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Emanuele DelBono

Coding Conventions

In CodicePlastico we take the code readability very seriously and during last months we are trying to change the way we write code to made it more readable and performant.

Martin Fowler In his book about refactoring write this:

“Any fool can write code that a computer can understand. Good programmers write code that humans can understand.”

Everybody agree on that but, in my opinion, we must define better which kind of human should be able to read the code. Often we write code so that even our customers will be able to read it, does it make sense? Do your customer really read your code? In our opinion code is written for developers that knows the syntax of the language.

Wikipedia defines readability as:

“Readability is the ease in which text can be read and understood. Various factors to measure readability have been used, such as “speed of perception,” “perceptibility at a distance,” “perceptibility in peripheral vision,” “visibility,” “the reflex blink technique,” “rate of work” (e.g., speed of reading), “eye movements,” and “fatigue in reading.” (wikipedia)

So readability is also a matter of how much time we need to read code. Consider this line of C# code:

_wrostExamEvaluatorService.CheckPercentageForAnyActiveGroupLevel(allActiveExamList, _mainGroupServiceController.GetAllRangeForCurrentGroup(_currentUserId, groupThatShouldBeExcluded));

Do you consider it readable? In some sense yes, but it needs too much time to be read because is too long.

On the opposite side there are languages like J (a dialect of APL) that are more concise and let you write complex algorithm with just a bunch of characters:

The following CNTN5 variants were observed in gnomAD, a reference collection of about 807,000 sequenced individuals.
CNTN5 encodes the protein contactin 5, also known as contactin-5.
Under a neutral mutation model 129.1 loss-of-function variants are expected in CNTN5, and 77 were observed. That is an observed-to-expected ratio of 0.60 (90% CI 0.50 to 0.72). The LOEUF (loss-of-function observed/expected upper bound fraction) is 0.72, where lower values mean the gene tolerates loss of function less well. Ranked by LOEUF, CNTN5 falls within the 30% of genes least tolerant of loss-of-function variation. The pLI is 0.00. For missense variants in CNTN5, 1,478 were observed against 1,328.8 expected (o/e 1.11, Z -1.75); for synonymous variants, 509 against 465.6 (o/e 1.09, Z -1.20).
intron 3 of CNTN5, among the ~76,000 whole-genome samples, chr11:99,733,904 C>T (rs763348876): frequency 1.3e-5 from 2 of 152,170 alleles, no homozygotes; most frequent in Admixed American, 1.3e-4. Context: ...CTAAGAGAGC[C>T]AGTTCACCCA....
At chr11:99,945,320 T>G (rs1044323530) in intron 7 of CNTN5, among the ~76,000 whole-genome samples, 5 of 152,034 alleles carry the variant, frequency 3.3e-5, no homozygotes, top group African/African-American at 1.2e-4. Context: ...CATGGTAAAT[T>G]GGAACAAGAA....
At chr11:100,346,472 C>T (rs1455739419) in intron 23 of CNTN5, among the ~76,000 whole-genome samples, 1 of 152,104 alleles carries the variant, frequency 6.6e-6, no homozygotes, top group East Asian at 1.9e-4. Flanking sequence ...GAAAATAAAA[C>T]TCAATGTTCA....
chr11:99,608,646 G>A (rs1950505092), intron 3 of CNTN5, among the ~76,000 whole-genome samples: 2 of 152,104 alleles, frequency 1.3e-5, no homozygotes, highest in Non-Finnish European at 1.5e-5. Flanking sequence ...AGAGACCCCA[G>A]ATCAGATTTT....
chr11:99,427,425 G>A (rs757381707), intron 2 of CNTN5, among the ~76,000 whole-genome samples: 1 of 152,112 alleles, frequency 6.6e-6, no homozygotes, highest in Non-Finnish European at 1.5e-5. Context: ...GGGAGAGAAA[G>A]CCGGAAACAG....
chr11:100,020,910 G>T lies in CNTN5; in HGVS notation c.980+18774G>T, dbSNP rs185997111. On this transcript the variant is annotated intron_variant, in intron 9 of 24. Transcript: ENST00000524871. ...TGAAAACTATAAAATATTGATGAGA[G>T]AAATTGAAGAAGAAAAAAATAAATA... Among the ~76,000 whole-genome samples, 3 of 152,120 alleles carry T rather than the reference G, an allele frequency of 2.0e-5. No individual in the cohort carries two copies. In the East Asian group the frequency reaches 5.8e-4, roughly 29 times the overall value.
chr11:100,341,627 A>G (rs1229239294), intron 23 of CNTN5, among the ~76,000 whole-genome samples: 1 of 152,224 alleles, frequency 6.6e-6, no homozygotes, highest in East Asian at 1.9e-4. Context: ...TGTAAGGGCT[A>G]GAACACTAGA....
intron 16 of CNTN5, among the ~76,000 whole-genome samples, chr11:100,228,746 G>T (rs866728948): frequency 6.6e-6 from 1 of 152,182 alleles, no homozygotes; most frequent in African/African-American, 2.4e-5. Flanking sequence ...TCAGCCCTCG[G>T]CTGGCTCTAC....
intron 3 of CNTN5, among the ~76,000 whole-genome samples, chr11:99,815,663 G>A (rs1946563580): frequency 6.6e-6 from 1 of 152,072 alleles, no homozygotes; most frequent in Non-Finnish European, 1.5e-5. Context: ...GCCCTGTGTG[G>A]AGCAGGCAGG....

quicksort=: (($:@(<#[), (=#[), $:@(>#[)) ({~ ?@#)) ^: (1<#)

Is that readable or not? Most probably not, but once you know the syntax it became more readable than other languages with cycles and ifs, and even more better than the algorithm explained in plain english.

So, during our experiments, we have decided to try to use only a single letter for the identifiers and for our class names, methods and variables, so that the previous C# code written above will became:

e.c(l,s.g(u,x));

Our experiments demonstrate that developers learn the convention very easily and we don’t even need a dictionary, even if we put a brief dictionary on top of our files for newcomers developers.

Using this new methodology we have reduced the size of our programs, from megabytes to only some kilobytes and the performance, both at compile time and runtime (the compiler parse small files and it’s faster).

We are planning more articles on this topic, so stay tuned.

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